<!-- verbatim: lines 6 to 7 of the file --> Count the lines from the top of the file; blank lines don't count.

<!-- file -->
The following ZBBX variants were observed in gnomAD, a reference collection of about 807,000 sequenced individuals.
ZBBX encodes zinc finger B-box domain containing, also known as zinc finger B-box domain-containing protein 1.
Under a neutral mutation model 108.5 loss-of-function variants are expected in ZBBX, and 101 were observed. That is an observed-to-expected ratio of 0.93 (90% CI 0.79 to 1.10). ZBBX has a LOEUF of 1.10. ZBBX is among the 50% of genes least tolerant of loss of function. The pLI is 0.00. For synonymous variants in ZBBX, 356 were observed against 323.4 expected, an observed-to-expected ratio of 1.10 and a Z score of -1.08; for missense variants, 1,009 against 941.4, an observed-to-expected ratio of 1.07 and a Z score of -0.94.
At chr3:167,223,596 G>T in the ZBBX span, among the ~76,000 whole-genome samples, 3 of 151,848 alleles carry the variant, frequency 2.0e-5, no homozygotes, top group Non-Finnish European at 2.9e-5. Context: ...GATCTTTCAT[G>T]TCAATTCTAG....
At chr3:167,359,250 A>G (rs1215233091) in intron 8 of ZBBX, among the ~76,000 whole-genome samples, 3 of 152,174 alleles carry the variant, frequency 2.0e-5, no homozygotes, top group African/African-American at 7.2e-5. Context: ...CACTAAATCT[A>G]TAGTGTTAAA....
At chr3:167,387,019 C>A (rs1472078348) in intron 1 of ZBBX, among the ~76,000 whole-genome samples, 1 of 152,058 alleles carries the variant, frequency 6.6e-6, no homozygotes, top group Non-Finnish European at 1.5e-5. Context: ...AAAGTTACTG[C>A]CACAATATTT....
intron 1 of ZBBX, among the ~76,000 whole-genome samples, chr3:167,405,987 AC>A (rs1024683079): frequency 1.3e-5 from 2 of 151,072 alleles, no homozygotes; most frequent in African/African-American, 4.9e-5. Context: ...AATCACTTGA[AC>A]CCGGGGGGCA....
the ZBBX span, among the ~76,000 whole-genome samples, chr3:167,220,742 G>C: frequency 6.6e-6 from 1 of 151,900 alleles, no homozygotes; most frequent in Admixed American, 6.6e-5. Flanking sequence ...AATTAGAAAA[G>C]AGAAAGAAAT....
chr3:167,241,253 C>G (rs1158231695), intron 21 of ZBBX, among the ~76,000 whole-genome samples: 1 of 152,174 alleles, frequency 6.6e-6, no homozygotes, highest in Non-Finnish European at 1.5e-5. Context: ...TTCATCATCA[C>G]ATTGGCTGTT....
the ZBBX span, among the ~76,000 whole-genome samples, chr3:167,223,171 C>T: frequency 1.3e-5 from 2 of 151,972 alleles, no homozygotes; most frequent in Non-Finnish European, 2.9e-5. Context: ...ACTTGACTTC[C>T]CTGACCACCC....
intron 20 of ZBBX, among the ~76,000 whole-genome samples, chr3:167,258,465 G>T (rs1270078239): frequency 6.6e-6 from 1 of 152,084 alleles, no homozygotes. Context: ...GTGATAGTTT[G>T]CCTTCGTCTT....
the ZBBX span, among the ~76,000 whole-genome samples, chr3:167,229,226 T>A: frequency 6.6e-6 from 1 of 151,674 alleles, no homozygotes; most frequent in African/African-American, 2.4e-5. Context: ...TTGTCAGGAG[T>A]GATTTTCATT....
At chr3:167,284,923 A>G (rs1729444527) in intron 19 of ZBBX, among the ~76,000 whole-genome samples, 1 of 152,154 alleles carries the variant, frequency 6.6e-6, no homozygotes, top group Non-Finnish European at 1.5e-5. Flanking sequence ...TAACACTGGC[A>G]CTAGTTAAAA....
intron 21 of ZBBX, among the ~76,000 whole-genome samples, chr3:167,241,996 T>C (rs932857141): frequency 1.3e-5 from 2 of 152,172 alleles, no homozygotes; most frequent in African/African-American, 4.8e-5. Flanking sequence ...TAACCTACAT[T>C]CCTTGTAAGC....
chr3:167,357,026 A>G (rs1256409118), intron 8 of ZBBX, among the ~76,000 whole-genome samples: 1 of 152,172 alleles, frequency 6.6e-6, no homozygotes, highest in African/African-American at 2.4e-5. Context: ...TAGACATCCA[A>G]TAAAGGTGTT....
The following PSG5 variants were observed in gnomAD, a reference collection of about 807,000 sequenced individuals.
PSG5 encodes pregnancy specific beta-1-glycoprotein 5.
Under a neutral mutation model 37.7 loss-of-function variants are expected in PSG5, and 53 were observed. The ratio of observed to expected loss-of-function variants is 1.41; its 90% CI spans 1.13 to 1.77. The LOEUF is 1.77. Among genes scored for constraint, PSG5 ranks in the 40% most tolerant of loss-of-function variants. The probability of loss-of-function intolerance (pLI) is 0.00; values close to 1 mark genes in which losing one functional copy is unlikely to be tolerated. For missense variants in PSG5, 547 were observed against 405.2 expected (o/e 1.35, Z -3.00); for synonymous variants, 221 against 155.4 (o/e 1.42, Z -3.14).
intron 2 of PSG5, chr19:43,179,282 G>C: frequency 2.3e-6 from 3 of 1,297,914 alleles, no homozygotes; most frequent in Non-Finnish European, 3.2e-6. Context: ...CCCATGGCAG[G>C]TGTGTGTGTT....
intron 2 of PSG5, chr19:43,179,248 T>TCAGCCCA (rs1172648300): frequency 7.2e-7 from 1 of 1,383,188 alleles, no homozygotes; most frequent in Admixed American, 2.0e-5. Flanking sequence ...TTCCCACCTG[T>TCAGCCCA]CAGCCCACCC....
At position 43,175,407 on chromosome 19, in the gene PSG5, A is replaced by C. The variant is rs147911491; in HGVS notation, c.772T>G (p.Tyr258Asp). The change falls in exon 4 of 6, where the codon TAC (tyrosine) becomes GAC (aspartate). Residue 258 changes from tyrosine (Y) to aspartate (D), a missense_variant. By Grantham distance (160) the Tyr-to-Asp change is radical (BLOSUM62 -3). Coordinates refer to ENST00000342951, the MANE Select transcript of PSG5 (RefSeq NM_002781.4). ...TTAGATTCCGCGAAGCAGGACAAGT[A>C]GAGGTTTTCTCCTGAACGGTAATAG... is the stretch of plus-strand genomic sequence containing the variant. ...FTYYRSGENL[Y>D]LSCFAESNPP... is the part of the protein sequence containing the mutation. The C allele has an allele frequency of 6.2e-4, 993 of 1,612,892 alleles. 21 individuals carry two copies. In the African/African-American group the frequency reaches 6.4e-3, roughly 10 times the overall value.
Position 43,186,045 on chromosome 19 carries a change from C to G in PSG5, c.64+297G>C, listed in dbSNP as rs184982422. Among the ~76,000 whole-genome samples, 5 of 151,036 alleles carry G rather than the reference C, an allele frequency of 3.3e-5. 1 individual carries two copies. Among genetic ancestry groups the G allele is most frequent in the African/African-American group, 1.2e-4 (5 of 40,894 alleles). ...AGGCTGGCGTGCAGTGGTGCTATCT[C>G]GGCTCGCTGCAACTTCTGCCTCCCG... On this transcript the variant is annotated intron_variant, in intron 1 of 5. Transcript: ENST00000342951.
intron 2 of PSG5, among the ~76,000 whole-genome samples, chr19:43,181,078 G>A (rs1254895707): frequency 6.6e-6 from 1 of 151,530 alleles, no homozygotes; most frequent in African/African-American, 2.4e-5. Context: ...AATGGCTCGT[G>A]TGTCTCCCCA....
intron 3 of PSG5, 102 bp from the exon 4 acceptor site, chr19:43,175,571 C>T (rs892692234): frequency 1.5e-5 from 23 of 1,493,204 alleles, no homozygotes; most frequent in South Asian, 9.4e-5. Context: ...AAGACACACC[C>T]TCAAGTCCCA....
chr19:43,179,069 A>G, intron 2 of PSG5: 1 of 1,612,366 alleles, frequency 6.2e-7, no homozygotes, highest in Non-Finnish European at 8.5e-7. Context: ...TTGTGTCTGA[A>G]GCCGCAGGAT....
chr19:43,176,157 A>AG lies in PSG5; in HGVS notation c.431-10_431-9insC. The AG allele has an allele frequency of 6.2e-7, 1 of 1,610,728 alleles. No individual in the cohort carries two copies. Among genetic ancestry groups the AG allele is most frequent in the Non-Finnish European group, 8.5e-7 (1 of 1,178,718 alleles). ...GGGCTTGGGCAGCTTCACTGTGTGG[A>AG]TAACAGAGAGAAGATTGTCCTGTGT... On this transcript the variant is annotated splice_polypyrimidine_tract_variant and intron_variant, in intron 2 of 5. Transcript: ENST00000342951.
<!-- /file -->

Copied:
At chr3:167,387,019 C>A (rs1472078348) in intron 1 of ZBBX, among the ~76,000 whole-genome samples, 1 of 152,058 alleles carries the variant, frequency 6.6e-6, no homozygotes, top group Non-Finnish European at 1.5e-5. Context: ...AAAGTTACTG[C>A]CACAATATTT....
intron 1 of ZBBX, among the ~76,000 whole-genome samples, chr3:167,405,987 AC>A (rs1024683079): frequency 1.3e-5 from 2 of 151,072 alleles, no homozygotes; most frequent in African/African-American, 4.9e-5. Context: ...AATCACTTGA[AC>A]CCGGGGGGCA....